Sulak extends the Buddhist Five Precepts into ethical guidelines that can forge a more sustainable, compassionate, and just global society. To refrain from killing today means an end to all modern forms of violence. To refrain from stealing is a call for global economic justice. Not engaging in sexual misconduct calls us to examine all systems of male dominance which exploit women. Prohibiting false speech is a call for honesty at the international level. Avoiding intoxication is a call for global responsibility for drug and alcohol use and an examination of its causes. In Sulak’s Buddhist vision of society, the individual is understood as a starting point for change: through individual spiritual growth, social justice is eventually achieved.

Sulak is a leading voice in global inter-religious dialogue and engagement, an acknowledged global leader for peace. Sulak always argues that interdependence is an essential, living concept. His is a voice of reason and ethics, speaking truth to power and highlighting tangible issues that touch on human dignity. He was one of the early leaders who brought the ethical challenges of caring for the environment into global discourse. His voice carries far and has influenced thinking at many levels. This is reflected in admiration and recognition of his work, including the 1995 award of the Right Livelihood Award, also known as the alternative Nobel Prize.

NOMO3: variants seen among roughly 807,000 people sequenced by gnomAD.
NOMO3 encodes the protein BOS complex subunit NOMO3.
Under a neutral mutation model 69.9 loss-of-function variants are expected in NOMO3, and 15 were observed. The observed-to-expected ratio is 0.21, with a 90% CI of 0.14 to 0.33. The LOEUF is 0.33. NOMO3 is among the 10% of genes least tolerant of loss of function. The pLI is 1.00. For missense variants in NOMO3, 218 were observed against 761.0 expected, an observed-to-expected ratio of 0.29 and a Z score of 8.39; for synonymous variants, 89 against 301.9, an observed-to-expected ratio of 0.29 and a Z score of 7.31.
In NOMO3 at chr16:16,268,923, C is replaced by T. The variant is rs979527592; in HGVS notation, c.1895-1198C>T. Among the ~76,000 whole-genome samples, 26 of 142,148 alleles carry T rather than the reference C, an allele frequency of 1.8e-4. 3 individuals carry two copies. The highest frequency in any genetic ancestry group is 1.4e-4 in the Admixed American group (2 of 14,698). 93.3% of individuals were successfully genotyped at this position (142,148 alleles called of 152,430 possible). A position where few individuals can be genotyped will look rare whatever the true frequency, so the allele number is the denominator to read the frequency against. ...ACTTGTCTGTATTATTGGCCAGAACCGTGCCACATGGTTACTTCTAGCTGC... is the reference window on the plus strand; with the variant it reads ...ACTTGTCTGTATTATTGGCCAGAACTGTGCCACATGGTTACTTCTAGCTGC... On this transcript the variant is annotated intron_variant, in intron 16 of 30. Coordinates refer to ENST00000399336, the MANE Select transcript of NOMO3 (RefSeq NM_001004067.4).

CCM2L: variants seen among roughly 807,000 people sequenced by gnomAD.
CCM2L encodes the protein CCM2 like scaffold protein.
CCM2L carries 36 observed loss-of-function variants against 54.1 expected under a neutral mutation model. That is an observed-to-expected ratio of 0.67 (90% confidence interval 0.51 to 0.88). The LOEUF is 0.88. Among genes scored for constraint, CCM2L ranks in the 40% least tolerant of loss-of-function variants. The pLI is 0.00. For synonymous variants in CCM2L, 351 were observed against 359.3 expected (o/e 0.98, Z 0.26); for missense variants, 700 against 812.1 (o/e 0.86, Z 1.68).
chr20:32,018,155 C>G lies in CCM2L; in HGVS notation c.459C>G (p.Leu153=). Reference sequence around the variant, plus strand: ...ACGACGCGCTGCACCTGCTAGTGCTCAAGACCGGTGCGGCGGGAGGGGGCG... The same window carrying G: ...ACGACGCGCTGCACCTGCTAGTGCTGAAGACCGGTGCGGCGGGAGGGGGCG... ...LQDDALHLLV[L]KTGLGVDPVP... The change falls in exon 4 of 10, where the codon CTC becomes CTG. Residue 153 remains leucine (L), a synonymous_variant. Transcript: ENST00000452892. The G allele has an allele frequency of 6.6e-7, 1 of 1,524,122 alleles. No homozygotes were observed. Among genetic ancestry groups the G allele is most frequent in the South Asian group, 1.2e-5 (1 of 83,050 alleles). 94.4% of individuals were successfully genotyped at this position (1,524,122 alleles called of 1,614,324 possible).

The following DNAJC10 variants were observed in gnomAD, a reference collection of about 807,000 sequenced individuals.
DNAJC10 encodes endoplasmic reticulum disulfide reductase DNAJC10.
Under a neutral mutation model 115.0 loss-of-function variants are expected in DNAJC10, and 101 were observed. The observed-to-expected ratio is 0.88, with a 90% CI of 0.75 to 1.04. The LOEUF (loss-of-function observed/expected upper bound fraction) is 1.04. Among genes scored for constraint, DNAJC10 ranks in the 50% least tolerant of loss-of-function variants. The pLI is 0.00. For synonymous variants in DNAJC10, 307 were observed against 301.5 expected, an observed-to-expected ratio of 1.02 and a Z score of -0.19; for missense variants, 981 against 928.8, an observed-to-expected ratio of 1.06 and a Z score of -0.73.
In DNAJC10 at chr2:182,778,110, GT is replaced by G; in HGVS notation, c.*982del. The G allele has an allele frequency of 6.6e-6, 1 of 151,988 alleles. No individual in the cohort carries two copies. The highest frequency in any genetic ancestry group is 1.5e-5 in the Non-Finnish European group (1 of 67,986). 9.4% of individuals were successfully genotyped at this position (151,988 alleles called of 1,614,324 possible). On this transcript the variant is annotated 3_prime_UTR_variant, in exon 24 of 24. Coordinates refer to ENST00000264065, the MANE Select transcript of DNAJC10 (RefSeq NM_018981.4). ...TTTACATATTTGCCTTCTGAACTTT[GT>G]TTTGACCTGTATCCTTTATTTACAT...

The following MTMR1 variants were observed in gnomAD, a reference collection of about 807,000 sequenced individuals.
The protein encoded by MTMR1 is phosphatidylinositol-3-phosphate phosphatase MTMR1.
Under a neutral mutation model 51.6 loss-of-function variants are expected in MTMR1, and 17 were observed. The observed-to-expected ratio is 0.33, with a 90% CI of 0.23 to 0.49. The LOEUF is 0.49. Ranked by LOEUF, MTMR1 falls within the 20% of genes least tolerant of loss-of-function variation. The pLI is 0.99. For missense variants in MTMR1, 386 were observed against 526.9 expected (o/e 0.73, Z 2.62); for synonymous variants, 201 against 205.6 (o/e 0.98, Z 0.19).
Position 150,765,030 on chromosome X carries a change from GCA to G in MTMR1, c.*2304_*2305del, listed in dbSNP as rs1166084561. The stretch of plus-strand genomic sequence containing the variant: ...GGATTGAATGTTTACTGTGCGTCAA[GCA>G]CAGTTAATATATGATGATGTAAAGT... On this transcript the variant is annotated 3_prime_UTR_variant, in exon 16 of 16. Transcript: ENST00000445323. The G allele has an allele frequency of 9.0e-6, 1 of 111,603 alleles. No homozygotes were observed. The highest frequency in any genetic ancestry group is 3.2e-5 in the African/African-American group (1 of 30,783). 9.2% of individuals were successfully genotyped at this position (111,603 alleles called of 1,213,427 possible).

Sulak sees Buddhism as a questioning process. Question everything, including oneself, look deeply, and then act from that insight. He is among a handful of leaders world-wide working to revive the socially engaged aspects of spirituality. Whatever he does, however he does it, at the core of his work is a mission to build a new leadership for change at all levels, within his country and beyond.

Seeds of Peace

Seeds of Peace : A Buddhist Vision for Renewing Society.

The international magazine, Seeds of peace is published thrice annually in January, May and September, in order to promote the aims and objectives of the Thai Inter-Religious Commission for Development (TICD) and the Spirit in Education Movement (SEM) as well as the International Network of Engaged Buddhists (INEB). In order to subscribe a $50/year donation is suggested. Personal checks from the UK, US, and Euro are accepted.


Title :
 Vol.33 No.2 May-August. 2560 (2017)